Week of August 29, 2016

Congratulations on making it through the drudgery of the first week! Now let’s have some FUN! (*Reminder to former students receiving this in email form…There is an unsubscribe link at the bottom of the email.)

This Week in Physics
1.) Please be sure to subscribe to this blog. If you choose not to, you’ll need to return to sgbscience.net every Friday to learn about your future.
2.) Please sign up for our Remind.com.
3.) If you did not turn in the signature page from our Course Policies and Procedures document, please be sure to do so this week.
4.) Assignments: By Monday please do two things:
****** First, please view the “How to Do Conversions in Physics” podcast on the
How Do I…? page of our website. I expect you to be proficient in doing conversions, and this method helps. If you need extra practice, you can (optionally) do the section on conversions on our Extra Math Help practice page and check your work with me. You also need to be fluent in writing and reading scientific notation. If you need extra help with that, the math help practice page also has a section on that topic along with resources. Feel free to try those problems and check your work with me.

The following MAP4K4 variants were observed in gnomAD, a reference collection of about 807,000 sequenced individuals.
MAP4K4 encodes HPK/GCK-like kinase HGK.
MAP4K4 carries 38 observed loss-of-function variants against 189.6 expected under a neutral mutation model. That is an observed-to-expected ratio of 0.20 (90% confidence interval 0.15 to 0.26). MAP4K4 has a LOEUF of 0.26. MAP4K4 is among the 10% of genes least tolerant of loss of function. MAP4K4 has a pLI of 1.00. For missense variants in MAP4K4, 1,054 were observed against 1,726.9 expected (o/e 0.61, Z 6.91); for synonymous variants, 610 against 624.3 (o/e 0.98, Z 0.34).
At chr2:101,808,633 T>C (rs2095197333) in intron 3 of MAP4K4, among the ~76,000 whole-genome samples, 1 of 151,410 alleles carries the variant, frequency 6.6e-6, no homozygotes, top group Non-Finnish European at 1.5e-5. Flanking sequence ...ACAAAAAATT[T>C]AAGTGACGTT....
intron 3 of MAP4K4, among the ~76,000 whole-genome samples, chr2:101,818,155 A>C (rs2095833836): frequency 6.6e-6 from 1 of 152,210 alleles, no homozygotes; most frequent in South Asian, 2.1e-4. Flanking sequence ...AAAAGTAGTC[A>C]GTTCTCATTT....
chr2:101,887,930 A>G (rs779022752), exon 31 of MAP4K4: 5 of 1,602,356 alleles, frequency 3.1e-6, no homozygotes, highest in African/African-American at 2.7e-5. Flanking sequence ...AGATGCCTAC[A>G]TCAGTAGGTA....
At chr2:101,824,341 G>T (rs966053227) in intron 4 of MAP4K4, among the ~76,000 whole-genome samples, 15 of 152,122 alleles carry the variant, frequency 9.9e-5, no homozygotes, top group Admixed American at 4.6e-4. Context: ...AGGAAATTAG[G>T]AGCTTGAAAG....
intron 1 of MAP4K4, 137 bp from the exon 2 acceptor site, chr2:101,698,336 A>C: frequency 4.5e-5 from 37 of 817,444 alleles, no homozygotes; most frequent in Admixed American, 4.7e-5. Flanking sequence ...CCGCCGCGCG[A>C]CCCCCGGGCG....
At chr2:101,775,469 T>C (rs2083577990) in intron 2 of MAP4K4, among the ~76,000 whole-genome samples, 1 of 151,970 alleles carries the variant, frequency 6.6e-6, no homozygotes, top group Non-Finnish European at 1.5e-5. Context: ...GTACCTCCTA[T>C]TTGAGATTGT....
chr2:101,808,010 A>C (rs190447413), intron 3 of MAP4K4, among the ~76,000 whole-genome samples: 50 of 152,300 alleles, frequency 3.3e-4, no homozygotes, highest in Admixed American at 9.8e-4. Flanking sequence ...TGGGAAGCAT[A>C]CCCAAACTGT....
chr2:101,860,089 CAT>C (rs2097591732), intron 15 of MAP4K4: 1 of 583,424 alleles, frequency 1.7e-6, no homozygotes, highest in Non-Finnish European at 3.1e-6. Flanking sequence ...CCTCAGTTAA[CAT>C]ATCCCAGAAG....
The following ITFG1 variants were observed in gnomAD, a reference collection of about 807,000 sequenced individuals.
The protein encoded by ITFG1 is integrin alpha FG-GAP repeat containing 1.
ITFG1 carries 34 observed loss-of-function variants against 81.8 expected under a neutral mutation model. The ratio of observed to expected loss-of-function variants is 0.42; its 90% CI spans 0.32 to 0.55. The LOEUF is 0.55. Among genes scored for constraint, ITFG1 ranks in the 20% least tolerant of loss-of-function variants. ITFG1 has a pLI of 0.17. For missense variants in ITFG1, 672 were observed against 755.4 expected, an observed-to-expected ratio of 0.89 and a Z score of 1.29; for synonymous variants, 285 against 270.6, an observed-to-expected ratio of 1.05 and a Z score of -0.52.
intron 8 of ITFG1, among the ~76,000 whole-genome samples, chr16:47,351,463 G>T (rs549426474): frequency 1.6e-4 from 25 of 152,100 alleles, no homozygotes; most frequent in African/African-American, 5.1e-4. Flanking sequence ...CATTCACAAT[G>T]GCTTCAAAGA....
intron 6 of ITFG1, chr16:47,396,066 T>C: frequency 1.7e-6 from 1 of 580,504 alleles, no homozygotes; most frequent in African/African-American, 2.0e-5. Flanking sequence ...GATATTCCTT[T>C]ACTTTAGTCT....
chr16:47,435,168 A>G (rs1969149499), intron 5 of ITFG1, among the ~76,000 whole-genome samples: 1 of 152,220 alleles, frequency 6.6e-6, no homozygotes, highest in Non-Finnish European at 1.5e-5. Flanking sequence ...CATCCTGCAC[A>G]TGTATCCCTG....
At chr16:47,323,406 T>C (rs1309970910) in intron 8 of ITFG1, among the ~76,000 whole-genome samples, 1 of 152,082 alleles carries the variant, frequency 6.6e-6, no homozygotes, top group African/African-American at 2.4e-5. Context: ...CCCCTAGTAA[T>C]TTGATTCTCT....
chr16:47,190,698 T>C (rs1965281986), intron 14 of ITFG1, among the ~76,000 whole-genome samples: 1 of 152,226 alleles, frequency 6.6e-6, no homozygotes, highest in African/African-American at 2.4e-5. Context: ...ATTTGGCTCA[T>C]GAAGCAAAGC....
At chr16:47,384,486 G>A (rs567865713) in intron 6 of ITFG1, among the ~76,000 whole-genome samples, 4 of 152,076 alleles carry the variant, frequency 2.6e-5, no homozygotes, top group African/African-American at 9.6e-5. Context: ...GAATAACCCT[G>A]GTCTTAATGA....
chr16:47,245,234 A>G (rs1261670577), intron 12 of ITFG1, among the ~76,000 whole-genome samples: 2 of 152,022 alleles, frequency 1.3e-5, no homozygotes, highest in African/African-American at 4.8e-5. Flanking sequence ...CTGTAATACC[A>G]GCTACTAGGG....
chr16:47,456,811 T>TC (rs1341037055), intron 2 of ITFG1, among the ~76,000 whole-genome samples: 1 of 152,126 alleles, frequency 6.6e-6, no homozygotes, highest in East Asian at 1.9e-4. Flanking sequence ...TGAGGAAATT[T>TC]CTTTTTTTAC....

****** Second, please take notes on Motion in One Dimension Podcast 1 – Distance v. DisplacementMotion in One Dimension Podcast 2 – Displacement & Direction, and Motion in One Dimension Podcast 3 – Speed vs. Velocity. We will go over these and will then dive into a short activity that will lead up to our first lab, which we’ll begin most likely mid-week. (Your lab report won’t be due until we’ve gone over how to write our lab reports.) It is possible that by the end of the week you may need to take notes on Podcast 4 – Slope of Position vs. Time Equals Velocity, but please do not do so until AFTER we finish the lab. (It contains secrets!)

Cool Science of the Week
One of the most fascinating areas in astronomy today is the search for exoplanets, or planets outside of our solar system. To date, we have discovered 3,374 exoplanets, 570 multi-planet solar systems, and 4.696 additional planet candidates. One of the questions scientists seek to answer about each new planet discovered is how similar the planet is to Earth. Most planets are too hot or too cold or too gassy to be considered as candidates for life or human exploration, but some planets are in the “Goldilocks Zone” with temperatures that could support liquid water, an essential ingredient for the kind of life forms we have on Earth. Amazingly, scientists this week announced the discovery of an Earth-like planet in the Goldilocks Zone around not some distant star but orbiting the CLOSEST star to us! The very short video below will tell you more.

This second 33-second video shows you what it would look like if you took a spaceship on the 4.25 light year (24,946,282,800,000 mile) journey to the planet. Happy travels!

Disclaimer: It would take more than 33 seconds to travel there. LOL